Edinburgh ban on blood sport raises pressure on Blair

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Indy Politics

In the summer of 1999 Tony Blair made the rash, crowd-pleasing pledge to outlaw fox-hunting within a year, telling millions of television viewers: "It will be banned as soon as we possibly can."

After nearly three years, a failed parliamentary attempt and a fresh election manifesto promise, an end to hunting with hounds is no closer.

But the Scottish Parliament's vote to ban hunting piles fresh pressure on the Government. As the historic move was made in Edinburgh last night, animal rights activists at a meeting nearly 500 miles away in Plymouth were being urged to capitalise on the decision to press for a blanket ban across the UK.

It was a foretaste of the tactics the Government will face over the next few months as it agonises over calling a vote to end hunting in England and Wales. A clear majority of MPs supports the move and opinion polls suggest a ban would be popular among voters. However, many ministers are reluctant to spend time on a second, enervating tussle with the Lords on the issue and remain wary of antagonising swaths of rural England.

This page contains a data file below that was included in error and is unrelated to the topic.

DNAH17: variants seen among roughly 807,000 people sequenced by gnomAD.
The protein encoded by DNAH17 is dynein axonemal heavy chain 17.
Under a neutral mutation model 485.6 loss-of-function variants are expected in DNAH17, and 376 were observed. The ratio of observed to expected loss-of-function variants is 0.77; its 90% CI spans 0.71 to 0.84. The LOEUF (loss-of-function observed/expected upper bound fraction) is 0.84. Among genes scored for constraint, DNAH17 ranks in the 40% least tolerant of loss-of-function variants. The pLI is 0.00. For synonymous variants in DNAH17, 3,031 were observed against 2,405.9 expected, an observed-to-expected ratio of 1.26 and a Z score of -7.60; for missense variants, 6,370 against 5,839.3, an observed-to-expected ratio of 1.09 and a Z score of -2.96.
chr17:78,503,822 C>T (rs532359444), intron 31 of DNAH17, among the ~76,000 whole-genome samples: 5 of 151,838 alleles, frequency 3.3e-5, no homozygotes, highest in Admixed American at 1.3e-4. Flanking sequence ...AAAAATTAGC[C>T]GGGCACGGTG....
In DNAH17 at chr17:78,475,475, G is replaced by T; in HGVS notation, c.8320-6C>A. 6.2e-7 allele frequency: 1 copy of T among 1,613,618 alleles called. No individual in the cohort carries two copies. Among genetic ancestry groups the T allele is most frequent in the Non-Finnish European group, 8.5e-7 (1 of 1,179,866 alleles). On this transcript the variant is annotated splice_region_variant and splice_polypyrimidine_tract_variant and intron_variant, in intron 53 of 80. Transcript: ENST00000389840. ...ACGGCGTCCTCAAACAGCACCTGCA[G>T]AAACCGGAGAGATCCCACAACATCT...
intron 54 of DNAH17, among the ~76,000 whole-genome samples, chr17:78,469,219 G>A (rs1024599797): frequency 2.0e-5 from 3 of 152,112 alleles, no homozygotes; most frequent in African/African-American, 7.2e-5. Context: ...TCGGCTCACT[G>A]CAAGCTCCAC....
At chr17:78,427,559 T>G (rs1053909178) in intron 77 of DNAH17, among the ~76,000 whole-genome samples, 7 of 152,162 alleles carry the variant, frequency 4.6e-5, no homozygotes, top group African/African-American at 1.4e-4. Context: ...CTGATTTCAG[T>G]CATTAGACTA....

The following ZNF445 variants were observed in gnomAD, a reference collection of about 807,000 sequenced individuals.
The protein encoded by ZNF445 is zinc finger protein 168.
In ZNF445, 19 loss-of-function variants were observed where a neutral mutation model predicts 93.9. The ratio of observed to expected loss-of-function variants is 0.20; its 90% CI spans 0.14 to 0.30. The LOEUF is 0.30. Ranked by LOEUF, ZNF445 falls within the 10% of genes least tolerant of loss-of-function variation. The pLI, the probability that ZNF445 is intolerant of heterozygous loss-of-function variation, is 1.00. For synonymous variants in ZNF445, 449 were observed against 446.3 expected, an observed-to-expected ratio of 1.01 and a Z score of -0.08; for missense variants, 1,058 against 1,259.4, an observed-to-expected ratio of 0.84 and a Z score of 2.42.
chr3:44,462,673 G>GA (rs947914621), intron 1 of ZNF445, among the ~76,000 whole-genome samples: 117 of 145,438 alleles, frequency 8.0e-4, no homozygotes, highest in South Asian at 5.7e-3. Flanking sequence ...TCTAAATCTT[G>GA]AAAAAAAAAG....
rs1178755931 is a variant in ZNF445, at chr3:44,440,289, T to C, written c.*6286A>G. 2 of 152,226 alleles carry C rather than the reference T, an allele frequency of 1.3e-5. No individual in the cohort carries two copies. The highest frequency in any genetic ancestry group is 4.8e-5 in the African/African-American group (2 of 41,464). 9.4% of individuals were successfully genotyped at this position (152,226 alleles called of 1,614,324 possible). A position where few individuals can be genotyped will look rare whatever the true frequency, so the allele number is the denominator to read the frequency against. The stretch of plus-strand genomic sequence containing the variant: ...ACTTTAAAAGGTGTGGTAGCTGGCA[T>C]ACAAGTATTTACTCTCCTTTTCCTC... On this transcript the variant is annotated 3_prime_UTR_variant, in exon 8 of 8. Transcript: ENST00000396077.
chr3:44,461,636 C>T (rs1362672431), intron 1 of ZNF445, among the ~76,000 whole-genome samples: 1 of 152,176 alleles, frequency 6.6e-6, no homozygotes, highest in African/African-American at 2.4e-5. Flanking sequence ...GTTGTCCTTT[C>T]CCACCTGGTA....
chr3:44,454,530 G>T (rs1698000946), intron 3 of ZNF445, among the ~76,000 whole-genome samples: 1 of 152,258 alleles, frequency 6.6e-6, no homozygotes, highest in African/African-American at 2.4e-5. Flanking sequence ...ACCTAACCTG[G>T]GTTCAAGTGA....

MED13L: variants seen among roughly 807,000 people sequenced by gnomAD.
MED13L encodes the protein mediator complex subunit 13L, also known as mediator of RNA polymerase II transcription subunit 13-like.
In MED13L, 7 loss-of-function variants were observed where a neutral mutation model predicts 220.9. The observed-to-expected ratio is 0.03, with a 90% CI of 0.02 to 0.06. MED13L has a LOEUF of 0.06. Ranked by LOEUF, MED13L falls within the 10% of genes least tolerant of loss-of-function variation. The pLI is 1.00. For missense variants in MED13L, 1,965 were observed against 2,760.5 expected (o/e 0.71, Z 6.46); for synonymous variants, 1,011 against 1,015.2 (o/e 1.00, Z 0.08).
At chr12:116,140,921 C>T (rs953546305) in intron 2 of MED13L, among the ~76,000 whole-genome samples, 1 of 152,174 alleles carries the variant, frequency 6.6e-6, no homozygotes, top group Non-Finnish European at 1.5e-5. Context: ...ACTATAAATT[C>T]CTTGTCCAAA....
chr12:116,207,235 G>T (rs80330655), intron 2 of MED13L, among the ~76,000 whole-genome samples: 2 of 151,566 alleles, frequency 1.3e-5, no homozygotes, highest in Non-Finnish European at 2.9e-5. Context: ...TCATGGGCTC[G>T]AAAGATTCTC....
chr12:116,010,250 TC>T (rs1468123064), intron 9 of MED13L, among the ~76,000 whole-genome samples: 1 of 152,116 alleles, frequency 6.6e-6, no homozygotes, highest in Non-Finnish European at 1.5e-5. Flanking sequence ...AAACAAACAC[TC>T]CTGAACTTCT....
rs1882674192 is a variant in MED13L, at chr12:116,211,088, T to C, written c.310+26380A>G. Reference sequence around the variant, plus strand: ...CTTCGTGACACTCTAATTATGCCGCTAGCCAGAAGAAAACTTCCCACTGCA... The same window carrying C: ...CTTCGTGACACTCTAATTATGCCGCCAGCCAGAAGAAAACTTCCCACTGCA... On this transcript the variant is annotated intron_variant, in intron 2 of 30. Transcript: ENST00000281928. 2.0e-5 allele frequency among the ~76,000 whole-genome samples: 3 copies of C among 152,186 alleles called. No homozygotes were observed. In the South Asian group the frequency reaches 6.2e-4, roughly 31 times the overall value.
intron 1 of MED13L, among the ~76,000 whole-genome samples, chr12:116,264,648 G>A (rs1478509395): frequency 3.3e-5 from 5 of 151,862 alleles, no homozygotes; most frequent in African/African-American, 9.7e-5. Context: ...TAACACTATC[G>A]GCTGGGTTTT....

Labour included a commitment to holding a vote on hunting in its last twomanifestos. Last year's document said: "We will give the new House of Commons an early opportunity to express its view. We will then enable Parliament to reach a conclusion on this issue. If the issue continues to be blocked we will look at how the disagreement can be resolved."

Yesterday the Government ­ which has blamed the delay on anti-terrorism measures, legislation over Railtrack and foot-and-mouth disease ­ could give no date as to when that would happen. Nor could it give any hint over its next step when the Lords again blocks a ban supported by the Commons.

The prevarication has irritated Labour supporters of a fox-hunting ban, with more than 230 MPs signing a motion for swift action by the Government to honour its promise. Tony Banks, one of the most vocal, warned that the credibility of the Government was being threatened.

He said: "It does seem with the evasive answers that the Prime Minister has been giving us recently that somehow he still believes you can appease your enemies on this issue and you can dump on your friends."

Mr Banks added: "Quite frankly, if it isn't resolved, then I must say it will be a matter of utter betrayal by the Labour Government."

Phyllis Campbell-McRae, UK director of the International Fund for Animal Welfare, said: "For as long as there is an anomaly between Scotland and the rest of the country, pressure will inevitably grow on the Government to act."